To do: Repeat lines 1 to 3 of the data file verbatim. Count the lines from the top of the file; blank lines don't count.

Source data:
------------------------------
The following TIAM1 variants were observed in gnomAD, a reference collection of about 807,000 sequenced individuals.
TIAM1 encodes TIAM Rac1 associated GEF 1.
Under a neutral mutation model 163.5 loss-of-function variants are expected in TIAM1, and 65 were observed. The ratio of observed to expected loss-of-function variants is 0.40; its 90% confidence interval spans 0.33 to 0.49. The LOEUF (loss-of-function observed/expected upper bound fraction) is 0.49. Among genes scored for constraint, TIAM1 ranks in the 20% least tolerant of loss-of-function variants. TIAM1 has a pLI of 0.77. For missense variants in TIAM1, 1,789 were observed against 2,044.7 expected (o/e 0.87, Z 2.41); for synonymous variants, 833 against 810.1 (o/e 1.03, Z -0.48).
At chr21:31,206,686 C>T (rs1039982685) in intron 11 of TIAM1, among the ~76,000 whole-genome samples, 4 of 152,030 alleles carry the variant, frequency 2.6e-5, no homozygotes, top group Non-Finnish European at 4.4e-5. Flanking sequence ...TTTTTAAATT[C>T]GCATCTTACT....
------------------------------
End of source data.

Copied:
The following TIAM1 variants were observed in gnomAD, a reference collection of about 807,000 sequenced individuals.
TIAM1 encodes TIAM Rac1 associated GEF 1.
Under a neutral mutation model 163.5 loss-of-function variants are expected in TIAM1, and 65 were observed. The ratio of observed to expected loss-of-function variants is 0.40; its 90% confidence interval spans 0.33 to 0.49. The LOEUF (loss-of-function observed/expected upper bound fraction) is 0.49. Among genes scored for constraint, TIAM1 ranks in the 20% least tolerant of loss-of-function variants. TIAM1 has a pLI of 0.77. For missense variants in TIAM1, 1,789 were observed against 2,044.7 expected (o/e 0.87, Z 2.41); for synonymous variants, 833 against 810.1 (o/e 1.03, Z -0.48).